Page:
Makiko Itoh, a Japanese expat and world-traveler, runs Just Hungry (justhungry.com), an English-language blog about cooking (mostly) healthy Japanese food. In addition to running this blog, she writes for The Japan Times and is the author of The Just Bento Cookbook.
This isn’t just a recipe blog, though. Ms. Itoh explains the history and culture of Japanese food and has written a number of helpful guides for buying Japanese food. For example, “The Anatomy of a Japanese Meal” explains the differences in food- and serving style between Western and Japanese meals cooked at home. In “Onigiri (Omusubi) Revisited: An Easier Way to Make Japanese Rice Balls, Step by Step,” she explains how to mold the perfect rice ball. “Looking at Rice” answers all your questions about the many types of rice eaten in Japan and what food one can make with them.
When I studied abroad, I had lived with a great host family who kept me well fed, but when I came to Japan again as a rural JET CIR, I was (and am) on my own, food-wise. Even with a high level of Japanese, the world of Japanese grocery stores, let alone cooking, was a mystery to me. Thanks to my trusty copy of The Joy of Cooking and Ms. Itoh’s blog, I have learned a lot about how to cook and preserve basic ingredients, cooking in Japan, and cooking Japanese food. This New Year, I even tried my hand at making some traditional Japanese food: ozohni and sekihan.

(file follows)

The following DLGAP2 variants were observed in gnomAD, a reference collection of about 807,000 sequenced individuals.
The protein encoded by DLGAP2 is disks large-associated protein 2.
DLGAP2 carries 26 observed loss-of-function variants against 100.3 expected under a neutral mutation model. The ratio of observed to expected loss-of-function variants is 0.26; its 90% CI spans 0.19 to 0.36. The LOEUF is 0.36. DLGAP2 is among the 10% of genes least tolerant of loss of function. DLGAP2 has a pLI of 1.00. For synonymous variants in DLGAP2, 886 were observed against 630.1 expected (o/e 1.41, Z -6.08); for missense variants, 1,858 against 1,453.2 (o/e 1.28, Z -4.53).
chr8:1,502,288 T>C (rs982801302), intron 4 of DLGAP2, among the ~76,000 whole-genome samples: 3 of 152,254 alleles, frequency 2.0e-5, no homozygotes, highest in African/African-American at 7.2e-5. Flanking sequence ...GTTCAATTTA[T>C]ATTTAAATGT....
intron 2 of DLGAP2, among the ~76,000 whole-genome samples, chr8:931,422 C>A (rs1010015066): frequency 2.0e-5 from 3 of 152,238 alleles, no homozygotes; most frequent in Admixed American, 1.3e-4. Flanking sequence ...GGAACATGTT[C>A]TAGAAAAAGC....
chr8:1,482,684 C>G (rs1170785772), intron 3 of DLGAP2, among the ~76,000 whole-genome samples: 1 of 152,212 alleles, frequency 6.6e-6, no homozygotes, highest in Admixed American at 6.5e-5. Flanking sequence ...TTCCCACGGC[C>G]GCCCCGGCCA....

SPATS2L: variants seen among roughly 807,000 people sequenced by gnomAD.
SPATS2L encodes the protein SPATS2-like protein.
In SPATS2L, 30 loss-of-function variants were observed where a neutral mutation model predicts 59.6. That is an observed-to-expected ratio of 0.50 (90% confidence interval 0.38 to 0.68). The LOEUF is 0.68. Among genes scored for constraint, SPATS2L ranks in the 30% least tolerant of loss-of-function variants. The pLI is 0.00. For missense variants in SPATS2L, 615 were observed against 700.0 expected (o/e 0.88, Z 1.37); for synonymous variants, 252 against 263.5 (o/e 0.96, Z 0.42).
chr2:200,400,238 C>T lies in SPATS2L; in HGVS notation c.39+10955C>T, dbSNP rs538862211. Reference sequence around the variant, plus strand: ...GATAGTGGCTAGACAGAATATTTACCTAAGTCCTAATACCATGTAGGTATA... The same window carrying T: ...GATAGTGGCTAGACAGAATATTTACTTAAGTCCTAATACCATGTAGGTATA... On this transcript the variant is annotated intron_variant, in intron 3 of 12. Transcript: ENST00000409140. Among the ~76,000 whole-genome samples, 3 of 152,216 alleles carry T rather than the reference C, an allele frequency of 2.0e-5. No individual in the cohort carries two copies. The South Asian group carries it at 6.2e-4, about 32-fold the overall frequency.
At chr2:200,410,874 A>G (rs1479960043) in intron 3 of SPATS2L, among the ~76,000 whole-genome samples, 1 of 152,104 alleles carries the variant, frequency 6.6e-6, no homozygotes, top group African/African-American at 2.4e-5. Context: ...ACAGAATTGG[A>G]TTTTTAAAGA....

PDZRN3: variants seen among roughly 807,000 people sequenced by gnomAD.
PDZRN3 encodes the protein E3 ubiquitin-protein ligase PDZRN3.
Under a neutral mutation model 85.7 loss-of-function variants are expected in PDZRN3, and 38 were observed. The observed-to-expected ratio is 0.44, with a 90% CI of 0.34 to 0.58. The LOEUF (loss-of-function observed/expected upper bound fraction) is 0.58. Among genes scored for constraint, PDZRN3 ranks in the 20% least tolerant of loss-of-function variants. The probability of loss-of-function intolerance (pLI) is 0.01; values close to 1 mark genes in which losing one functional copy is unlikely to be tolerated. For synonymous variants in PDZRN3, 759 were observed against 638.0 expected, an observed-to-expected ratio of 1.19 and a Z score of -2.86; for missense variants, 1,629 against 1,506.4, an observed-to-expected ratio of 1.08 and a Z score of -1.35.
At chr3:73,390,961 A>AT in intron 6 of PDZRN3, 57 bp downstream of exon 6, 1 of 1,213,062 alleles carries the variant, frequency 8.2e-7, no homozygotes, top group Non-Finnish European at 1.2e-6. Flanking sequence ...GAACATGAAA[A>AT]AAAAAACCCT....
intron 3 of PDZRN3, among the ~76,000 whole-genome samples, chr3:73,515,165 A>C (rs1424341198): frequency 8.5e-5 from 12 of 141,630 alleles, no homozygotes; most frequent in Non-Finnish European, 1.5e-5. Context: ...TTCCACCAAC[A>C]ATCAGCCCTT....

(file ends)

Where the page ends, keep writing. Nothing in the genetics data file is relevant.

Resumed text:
If you aren’t living in Japan, fear not! Just Hungry has the Japanese-food-loving American in mind with a giant list of Japanese grocers state-by-state. As long as you can get the ingredients, which range from everyday goods (butternut squash and apples) to more exotic fare (sake lees), you can have delicious Japanese food whenever you like.
Whether you’re trying to deal with Japanese food in Japan or you just want a taste of your second home, check out Just Hungry for all your Japanese culinary needs. Itadakimasu!